Bizarrely not. The brand positions its range as “the world’s first distilled nonalcoholic spirits”, the thing you “drink when you’re not drinking”. Its products are perfect for the designated driver, the expectant mother or someone who finds themselves in a bar or at a dinner party on a weeknight.
There’s often pretty tight shipping restrictions around purchasing alcohol online; however with Seedlip being an alcohol-free product, we managed to steer the brand towards having an ecommerce store and therefore becoming one of the web’s first direct-to-consumer spirits brands. It’s awesome to work with and at Rotate° we fully believe in how it’s disrupting the drinks industry. I’ve been lucky enough to lead the design of both its pre-launch and existing websites. I’ve also just put the finishing touches on its new website,
HELM provides luxury yachting holidays. What are the challenges of building a site for such a high-end brand?
HELM ( www.helm.yt) exists to provide luxury sailing vacations to people who may not have any previous sailing / yacht-hire experience. During the discovery phase of this project I realised that, due to customers’ unfamiliarity with sailing, the brand needed to do more than simply show them what yachts were available for their desired dates in a traditional search result.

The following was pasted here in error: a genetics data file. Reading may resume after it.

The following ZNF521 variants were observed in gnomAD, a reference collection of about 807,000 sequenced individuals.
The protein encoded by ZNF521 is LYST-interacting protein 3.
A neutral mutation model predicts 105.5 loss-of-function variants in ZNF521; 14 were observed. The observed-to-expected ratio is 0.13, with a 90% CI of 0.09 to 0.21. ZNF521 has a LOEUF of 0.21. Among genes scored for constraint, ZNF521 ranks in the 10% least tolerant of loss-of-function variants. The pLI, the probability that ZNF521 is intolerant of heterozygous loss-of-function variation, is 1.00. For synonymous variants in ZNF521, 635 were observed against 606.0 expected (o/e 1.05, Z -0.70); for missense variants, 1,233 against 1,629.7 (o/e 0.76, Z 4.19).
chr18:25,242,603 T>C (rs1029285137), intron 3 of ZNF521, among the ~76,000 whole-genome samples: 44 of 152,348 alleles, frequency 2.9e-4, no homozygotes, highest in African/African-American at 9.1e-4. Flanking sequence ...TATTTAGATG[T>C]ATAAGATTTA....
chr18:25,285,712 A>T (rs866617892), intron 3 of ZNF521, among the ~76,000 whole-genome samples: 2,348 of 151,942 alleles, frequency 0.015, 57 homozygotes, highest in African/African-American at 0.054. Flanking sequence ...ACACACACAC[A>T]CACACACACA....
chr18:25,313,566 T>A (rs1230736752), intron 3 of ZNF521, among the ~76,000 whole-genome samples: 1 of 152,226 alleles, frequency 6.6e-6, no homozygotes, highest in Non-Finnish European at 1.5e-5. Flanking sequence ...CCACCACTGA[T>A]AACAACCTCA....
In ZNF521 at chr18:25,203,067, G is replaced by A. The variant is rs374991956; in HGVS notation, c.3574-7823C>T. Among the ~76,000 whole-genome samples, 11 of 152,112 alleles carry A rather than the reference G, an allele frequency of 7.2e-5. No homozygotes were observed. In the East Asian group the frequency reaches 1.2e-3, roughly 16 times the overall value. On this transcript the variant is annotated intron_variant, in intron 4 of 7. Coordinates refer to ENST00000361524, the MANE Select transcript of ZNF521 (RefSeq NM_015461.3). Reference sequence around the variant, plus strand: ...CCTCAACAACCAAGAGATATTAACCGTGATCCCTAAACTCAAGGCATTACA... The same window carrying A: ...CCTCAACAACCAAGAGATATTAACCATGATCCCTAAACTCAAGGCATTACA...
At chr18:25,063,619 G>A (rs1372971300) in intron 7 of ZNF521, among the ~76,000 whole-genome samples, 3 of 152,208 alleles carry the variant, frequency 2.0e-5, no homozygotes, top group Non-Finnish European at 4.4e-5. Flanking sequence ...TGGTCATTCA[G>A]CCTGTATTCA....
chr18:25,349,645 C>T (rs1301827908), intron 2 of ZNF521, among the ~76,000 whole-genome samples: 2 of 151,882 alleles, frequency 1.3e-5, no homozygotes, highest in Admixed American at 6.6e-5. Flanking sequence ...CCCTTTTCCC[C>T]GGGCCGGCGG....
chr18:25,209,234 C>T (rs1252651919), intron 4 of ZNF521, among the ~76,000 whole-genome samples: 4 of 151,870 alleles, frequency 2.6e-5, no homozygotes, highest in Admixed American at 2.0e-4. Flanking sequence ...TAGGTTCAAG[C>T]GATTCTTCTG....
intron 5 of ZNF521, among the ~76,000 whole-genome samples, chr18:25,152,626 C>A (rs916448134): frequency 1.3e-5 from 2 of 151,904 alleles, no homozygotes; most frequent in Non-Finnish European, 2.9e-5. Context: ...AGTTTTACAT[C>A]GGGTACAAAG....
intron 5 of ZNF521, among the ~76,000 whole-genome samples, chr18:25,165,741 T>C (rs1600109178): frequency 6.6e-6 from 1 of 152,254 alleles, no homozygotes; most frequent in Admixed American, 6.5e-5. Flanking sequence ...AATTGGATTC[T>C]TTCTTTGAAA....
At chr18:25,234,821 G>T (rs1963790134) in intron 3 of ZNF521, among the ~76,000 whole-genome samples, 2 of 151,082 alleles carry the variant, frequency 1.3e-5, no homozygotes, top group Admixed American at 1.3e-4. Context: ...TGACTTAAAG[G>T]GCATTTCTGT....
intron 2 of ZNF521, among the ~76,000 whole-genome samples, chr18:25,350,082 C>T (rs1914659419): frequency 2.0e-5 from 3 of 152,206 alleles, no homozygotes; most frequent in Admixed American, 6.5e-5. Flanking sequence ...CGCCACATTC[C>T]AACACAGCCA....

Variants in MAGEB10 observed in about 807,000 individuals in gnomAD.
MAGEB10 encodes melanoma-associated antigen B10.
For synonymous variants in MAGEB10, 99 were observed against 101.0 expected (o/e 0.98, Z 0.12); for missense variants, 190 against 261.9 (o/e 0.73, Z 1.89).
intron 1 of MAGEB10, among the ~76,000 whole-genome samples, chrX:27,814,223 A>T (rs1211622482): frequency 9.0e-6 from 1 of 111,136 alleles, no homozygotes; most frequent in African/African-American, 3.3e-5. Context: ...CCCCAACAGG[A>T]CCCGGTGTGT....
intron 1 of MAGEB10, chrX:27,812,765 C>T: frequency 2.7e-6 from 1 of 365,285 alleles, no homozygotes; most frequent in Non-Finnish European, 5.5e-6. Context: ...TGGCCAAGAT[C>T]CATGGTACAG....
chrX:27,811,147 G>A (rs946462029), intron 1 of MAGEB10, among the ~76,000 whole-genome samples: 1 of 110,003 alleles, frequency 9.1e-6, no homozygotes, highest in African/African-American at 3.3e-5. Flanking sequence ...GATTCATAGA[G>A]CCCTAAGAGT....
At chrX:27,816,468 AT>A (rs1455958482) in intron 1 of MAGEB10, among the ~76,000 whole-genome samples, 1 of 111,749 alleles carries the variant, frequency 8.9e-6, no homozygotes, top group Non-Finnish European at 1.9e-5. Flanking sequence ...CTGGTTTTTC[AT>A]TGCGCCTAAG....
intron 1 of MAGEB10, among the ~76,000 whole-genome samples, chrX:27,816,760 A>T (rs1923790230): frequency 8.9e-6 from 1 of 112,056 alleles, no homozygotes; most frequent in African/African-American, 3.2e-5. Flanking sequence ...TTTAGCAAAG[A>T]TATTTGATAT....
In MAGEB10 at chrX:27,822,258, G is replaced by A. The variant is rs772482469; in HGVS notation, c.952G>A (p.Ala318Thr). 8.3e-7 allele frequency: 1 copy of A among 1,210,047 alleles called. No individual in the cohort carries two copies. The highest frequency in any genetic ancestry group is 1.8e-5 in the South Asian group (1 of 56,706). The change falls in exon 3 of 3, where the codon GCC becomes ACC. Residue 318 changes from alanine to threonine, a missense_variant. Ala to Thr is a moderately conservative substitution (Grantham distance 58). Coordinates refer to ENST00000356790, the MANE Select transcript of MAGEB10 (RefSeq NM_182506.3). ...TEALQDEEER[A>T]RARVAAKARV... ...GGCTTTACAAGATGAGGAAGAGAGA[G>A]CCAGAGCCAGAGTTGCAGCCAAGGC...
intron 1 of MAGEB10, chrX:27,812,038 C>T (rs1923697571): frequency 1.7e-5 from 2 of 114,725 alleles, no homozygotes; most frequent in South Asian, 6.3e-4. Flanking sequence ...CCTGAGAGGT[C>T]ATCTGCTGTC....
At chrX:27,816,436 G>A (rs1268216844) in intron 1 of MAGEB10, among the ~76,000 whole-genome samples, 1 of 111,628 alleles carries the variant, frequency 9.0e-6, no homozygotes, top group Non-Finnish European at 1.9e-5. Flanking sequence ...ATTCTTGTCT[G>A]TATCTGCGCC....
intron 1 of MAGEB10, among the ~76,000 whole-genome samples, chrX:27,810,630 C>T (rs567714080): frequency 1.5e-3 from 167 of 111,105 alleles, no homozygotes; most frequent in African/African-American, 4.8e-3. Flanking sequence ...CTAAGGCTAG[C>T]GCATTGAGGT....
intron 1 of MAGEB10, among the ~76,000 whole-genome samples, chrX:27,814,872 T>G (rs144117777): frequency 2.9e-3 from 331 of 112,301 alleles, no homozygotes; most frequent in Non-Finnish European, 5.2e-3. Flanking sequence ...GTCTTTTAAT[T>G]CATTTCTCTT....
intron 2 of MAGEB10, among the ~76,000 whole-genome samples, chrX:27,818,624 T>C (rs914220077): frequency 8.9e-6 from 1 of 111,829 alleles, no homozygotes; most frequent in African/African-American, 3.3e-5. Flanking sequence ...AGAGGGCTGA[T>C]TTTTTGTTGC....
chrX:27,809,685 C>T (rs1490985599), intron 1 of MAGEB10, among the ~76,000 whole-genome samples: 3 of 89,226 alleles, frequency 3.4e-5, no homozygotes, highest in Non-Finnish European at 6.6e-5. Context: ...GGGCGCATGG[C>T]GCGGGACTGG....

We proposed a sequential booking system in which customers answer questions like ‘Have you sailed before?’ and ‘What would you like to do on your trip?’ in order to best understand their needs. The team at HELM then utilise a platform we produced for them to create custom packages, tailored to each individual customer’s needs, therefore guiding their customers in the sailing-vacation booking process.
Can you tell us about the portfolio site you created for Armoury?
Armoury ( www.armourylondon.com) is an award-winning London-based film production company. It approached Rotate° in search of a new portfolio site to house its awesome catalogue of work. I led it through a discovery process where I learned that what it sought was as much a portfolio site as a presentation tool; something that could be used to impress new clients, face-to-face, across a meeting room table.
I wanted to create a site that felt as comfortable in the palm of the hand as it did on a 60-inch TV in a meeting room. The ideal solution took the form of a super immersive typographic index, supported by edge-to-edge background video. The whole site feels more akin to a smart-TV app UI than an actual website, creating a really cinematic feel and elevating their works.
Chilly’s needed an updated store for their sustainable, reusable bottles. What was the solution?